Social workers are specially trained professionals who hold a master’s degree in social work from an accredited university.5 There are many types of social workers such as a school social worker, a clinical social worker, or a school counselor. They specialize in helping people improve their quality of life by connecting them with community resources that provide access to basic needs like food, shelter, healthcare, and safety. 

Social workers may specialize in domestic abuse, trauma, addiction, mental health, and other specific concerns. They can work in a wide variety of settings, such as:

  • Social services agencies
  • Community health clinics
  • Behavioral health agencies
  • Schools
  • Advocacy groups
  • Child welfare agencies
  • International social work groups
  • Private practices
  • Family therapy

Not all social workers are required to have a license, but if they wish to provide mental health counseling, they need to be a licensed clinical social worker (LCSW). Specific requirements to become an LCSW vary by state, but in general, an individual needs to:

  1. Obtain a master’s degree in social work
  2. Complete a number of supervised hours (usually 3,000)
  3. Pass their state’s licensing exam
  4. Renew their license regularly

The Day-to-Day Life of a Social Worker 

A social worker’s role may look very different depending on the branch of social work in which they specialize.6 Broadly speaking, responsibilities can include:

  • Assessing an individual or family’s needs based on their current circumstances
  • Collaborating with other professionals, such as physical and occupational therapists, medical staff, and others to provide care to clients
  • Developing and implementing care plans 
  • Connecting clients with community resources 
  • Staying up-to-date and informed on local, state, and federal resources available to those in need
  • Working directly with clients to provide services, sometimes including counseling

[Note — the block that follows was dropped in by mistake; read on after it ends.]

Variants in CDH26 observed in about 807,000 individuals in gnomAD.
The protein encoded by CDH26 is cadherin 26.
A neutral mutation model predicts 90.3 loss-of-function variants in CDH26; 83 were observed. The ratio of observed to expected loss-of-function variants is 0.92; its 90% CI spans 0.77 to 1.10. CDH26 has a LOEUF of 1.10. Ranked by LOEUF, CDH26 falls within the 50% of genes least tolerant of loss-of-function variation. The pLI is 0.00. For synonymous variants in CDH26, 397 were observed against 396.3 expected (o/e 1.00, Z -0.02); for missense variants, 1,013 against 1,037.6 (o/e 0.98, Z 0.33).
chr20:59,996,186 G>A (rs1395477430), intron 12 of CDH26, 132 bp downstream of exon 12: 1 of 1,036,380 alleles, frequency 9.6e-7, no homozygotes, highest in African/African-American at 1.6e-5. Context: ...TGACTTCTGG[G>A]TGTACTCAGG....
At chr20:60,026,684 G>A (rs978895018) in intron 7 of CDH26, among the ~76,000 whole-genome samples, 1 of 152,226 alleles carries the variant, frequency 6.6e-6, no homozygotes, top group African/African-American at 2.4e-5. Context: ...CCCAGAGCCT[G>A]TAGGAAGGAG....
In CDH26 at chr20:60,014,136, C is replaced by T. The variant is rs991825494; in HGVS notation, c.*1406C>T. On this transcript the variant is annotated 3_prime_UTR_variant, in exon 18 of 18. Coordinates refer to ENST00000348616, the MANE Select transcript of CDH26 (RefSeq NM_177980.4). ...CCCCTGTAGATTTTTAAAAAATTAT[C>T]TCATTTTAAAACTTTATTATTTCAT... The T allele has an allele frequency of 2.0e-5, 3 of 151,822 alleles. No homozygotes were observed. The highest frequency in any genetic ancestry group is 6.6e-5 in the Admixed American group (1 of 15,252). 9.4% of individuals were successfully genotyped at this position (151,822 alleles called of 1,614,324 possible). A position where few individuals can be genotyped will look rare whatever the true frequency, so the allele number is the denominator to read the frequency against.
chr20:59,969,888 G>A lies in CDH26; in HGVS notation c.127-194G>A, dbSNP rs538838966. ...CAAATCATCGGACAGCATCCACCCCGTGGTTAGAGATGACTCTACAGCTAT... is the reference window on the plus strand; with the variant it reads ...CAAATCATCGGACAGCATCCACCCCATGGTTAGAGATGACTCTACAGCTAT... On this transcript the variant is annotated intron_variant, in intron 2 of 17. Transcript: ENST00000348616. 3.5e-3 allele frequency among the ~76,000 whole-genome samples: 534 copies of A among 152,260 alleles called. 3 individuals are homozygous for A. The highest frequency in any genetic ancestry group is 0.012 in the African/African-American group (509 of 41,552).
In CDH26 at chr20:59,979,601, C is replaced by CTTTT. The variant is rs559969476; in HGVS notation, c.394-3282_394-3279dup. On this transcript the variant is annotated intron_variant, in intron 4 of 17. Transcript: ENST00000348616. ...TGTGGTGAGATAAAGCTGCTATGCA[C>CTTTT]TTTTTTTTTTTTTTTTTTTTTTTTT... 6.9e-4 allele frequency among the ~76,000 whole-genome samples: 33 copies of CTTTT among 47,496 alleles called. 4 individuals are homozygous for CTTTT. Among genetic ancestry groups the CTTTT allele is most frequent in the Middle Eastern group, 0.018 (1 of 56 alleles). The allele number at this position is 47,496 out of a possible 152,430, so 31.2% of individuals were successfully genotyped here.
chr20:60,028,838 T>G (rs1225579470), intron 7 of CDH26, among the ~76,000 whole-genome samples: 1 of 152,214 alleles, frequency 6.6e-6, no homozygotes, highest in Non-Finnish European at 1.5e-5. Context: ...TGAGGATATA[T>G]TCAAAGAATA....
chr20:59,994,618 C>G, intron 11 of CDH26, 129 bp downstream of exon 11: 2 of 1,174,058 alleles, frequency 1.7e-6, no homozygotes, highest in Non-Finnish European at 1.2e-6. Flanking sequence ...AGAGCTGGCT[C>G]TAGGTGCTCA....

Explore our MSW Degree

Case Manager vs Social Worker: Which is Right for You?

Both social workers and case managers should have soft skills like empathy, compassion, and an interest in advocacy. In addition, they can both benefit from having a variety of administrative skills to help manage heavy caseloads, monitor client progress, and keep case files up-to-date and organized. 

Ultimately, after understanding the job description of both professions, deciding what is best for you will depend on your individual goals, strengths, and interests. 

  • If you enjoy working with people directly and providing one-on-one services like counseling, you may prefer a career as a social worker
  • If you have an interest in management, project organization, and planning, being a case manager may be a better fit for you

Take the Next Step in Your Career Journey with Alliant

If you want to make a difference in the lives of individuals and have a positive impact on your community, a career as a case manager or social worker could be a fulfilling path for you. 

Alliant International University can help you take the first step toward a rewarding career as a social worker or case manager with a master’s degree in social work. Our curriculum will help prepare you for professional practice in the social work field, and our online learning options make education accessible for everyone. 

Reach out to Alliant today and find out how we can help you on your educational journey.

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  1. “Scope of Services.” American Case Management Association. Accessed May 11, 2023.
  2. “Introduction to the Case Management Body of Knowledge.” 2023. Commission for Case Management Certification.….  Accessed May 11, 2023.
  3. “Introduction to the Case Management Body of Knowledge.” 2023. Commission for Case Management Certification.….  Accessed May 11, 2023.  
  4. “Case Managers: What They Do (Plus FAQs About the Role).” 2023. Indeed Career Guide.  Accessed May 11, 2023. 
  5. “Types of Social Work.” 2023. National Association of Social Work.  Accessed May 11, 2023.
  6. "Types of Social Work.” 2023. National Association of Social Work.  Accessed May 11, 2023.